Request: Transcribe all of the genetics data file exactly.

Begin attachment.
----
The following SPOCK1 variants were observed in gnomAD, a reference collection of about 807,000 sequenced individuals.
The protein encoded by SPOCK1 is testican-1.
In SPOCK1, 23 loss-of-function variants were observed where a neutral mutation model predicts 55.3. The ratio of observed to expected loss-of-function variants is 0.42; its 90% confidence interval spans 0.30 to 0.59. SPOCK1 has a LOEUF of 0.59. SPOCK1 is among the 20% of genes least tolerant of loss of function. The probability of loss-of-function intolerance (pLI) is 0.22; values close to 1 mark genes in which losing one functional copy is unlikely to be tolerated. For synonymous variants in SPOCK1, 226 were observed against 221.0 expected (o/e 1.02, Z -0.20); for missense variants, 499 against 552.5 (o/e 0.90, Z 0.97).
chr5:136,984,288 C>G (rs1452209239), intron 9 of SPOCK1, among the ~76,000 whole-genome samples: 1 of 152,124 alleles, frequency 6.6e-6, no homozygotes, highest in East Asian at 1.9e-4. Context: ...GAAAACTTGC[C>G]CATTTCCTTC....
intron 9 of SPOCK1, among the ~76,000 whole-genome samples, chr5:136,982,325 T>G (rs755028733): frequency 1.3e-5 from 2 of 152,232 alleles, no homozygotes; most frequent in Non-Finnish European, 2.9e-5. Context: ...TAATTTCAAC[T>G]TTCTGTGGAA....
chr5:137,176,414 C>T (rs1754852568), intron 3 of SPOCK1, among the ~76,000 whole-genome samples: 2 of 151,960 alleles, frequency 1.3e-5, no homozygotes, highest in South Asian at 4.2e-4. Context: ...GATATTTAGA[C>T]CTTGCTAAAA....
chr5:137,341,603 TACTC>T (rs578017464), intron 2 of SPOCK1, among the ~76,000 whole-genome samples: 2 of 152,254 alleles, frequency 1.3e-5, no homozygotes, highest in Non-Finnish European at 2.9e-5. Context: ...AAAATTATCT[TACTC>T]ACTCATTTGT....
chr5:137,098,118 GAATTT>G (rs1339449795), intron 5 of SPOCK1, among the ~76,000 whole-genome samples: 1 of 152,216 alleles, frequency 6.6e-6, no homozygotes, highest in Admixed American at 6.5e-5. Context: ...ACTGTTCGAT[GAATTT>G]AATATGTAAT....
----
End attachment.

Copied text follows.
The following SPOCK1 variants were observed in gnomAD, a reference collection of about 807,000 sequenced individuals.
The protein encoded by SPOCK1 is testican-1.
In SPOCK1, 23 loss-of-function variants were observed where a neutral mutation model predicts 55.3. The ratio of observed to expected loss-of-function variants is 0.42; its 90% confidence interval spans 0.30 to 0.59. SPOCK1 has a LOEUF of 0.59. SPOCK1 is among the 20% of genes least tolerant of loss of function. The probability of loss-of-function intolerance (pLI) is 0.22; values close to 1 mark genes in which losing one functional copy is unlikely to be tolerated. For synonymous variants in SPOCK1, 226 were observed against 221.0 expected (o/e 1.02, Z -0.20); for missense variants, 499 against 552.5 (o/e 0.90, Z 0.97).
chr5:136,984,288 C>G (rs1452209239), intron 9 of SPOCK1, among the ~76,000 whole-genome samples: 1 of 152,124 alleles, frequency 6.6e-6, no homozygotes, highest in East Asian at 1.9e-4. Context: ...GAAAACTTGC[C>G]CATTTCCTTC....
intron 9 of SPOCK1, among the ~76,000 whole-genome samples, chr5:136,982,325 T>G (rs755028733): frequency 1.3e-5 from 2 of 152,232 alleles, no homozygotes; most frequent in Non-Finnish European, 2.9e-5. Context: ...TAATTTCAAC[T>G]TTCTGTGGAA....
chr5:137,176,414 C>T (rs1754852568), intron 3 of SPOCK1, among the ~76,000 whole-genome samples: 2 of 151,960 alleles, frequency 1.3e-5, no homozygotes, highest in South Asian at 4.2e-4. Context: ...GATATTTAGA[C>T]CTTGCTAAAA....
chr5:137,341,603 TACTC>T (rs578017464), intron 2 of SPOCK1, among the ~76,000 whole-genome samples: 2 of 152,254 alleles, frequency 1.3e-5, no homozygotes, highest in Non-Finnish European at 2.9e-5. Context: ...AAAATTATCT[TACTC>T]ACTCATTTGT....
chr5:137,098,118 GAATTT>G (rs1339449795), intron 5 of SPOCK1, among the ~76,000 whole-genome samples: 1 of 152,216 alleles, frequency 6.6e-6, no homozygotes, highest in Admixed American at 6.5e-5. Context: ...ACTGTTCGAT[GAATTT>G]AATATGTAAT....